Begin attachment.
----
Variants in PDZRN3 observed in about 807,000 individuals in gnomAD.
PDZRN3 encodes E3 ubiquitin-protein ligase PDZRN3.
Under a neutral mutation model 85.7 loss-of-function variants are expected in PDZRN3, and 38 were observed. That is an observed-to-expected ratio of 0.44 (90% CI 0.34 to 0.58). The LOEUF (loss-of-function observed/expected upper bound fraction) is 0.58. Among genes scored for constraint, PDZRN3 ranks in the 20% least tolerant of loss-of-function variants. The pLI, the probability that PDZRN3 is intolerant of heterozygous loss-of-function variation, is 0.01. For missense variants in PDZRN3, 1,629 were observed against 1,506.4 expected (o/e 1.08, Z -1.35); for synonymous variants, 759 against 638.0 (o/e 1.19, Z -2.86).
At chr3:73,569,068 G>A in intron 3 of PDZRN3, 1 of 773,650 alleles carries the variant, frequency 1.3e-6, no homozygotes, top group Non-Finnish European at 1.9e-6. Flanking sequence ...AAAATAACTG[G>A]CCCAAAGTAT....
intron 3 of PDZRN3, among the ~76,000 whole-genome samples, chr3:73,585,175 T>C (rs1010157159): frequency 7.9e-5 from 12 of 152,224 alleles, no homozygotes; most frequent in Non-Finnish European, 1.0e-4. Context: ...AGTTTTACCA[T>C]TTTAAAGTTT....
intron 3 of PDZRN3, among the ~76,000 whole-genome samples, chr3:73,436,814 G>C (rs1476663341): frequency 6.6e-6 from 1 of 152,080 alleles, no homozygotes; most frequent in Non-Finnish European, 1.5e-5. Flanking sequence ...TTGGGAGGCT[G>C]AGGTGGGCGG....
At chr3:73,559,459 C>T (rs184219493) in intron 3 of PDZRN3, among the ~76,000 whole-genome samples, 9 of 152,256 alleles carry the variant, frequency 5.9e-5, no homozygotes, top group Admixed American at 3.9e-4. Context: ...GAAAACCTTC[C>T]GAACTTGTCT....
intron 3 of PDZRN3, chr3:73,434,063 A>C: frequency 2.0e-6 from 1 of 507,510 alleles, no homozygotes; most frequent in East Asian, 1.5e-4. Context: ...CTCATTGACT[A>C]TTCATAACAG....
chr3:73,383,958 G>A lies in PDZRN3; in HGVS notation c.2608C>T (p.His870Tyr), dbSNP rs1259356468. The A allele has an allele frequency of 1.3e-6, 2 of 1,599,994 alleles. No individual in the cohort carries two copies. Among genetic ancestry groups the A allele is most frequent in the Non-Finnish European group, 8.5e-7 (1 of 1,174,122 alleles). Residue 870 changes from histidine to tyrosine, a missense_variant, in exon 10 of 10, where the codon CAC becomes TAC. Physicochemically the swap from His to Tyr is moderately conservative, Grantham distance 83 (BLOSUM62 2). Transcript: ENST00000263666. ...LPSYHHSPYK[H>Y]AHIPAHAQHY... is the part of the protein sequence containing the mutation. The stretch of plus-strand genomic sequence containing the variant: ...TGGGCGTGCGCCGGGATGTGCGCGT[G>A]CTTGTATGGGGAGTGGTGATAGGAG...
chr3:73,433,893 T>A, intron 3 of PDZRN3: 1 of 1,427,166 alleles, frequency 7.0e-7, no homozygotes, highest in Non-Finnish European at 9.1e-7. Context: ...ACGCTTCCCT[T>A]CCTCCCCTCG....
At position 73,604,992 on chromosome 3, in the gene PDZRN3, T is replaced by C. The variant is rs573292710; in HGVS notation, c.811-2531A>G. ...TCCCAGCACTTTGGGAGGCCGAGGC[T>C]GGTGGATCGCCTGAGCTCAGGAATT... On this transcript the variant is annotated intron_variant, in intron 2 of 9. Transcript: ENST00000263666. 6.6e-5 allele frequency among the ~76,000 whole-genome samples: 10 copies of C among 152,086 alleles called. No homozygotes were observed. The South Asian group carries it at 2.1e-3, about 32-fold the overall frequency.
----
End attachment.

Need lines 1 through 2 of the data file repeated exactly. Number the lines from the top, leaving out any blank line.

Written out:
Variants in PDZRN3 observed in about 807,000 individuals in gnomAD.
PDZRN3 encodes E3 ubiquitin-protein ligase PDZRN3.